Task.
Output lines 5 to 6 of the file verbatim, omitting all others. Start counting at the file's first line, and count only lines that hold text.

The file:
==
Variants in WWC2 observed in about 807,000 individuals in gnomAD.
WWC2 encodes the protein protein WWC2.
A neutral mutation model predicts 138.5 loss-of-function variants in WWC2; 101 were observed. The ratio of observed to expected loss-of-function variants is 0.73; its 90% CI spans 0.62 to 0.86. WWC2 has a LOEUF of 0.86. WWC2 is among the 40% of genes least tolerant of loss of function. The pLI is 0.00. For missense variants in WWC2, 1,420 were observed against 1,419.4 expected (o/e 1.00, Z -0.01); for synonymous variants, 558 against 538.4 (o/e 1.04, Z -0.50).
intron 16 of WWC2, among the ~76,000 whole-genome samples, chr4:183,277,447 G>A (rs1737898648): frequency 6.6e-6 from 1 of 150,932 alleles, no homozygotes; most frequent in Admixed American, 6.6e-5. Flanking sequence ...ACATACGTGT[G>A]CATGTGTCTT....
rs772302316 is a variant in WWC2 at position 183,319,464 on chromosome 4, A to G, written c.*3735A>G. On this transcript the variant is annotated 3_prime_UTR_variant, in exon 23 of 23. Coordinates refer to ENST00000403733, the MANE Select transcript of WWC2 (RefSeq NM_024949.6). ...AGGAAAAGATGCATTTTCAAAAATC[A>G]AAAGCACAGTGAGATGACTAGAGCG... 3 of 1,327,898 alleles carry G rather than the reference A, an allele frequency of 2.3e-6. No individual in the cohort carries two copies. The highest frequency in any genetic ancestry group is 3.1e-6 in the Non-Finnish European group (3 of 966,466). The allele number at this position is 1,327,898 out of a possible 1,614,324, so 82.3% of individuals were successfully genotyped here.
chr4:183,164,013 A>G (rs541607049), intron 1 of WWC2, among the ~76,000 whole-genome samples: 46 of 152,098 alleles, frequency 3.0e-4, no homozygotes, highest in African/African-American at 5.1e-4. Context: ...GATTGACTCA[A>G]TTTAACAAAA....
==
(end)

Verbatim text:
rs772302316 is a variant in WWC2 at position 183,319,464 on chromosome 4, A to G, written c.*3735A>G. On this transcript the variant is annotated 3_prime_UTR_variant, in exon 23 of 23. Coordinates refer to ENST00000403733, the MANE Select transcript of WWC2 (RefSeq NM_024949.6). ...AGGAAAAGATGCATTTTCAAAAATC[A>G]AAAGCACAGTGAGATGACTAGAGCG... 3 of 1,327,898 alleles carry G rather than the reference A, an allele frequency of 2.3e-6. No individual in the cohort carries two copies. The highest frequency in any genetic ancestry group is 3.1e-6 in the Non-Finnish European group (3 of 966,466). The allele number at this position is 1,327,898 out of a possible 1,614,324, so 82.3% of individuals were successfully genotyped here.
chr4:183,164,013 A>G (rs541607049), intron 1 of WWC2, among the ~76,000 whole-genome samples: 46 of 152,098 alleles, frequency 3.0e-4, no homozygotes, highest in African/African-American at 5.1e-4. Context: ...GATTGACTCA[A>G]TTTAACAAAA....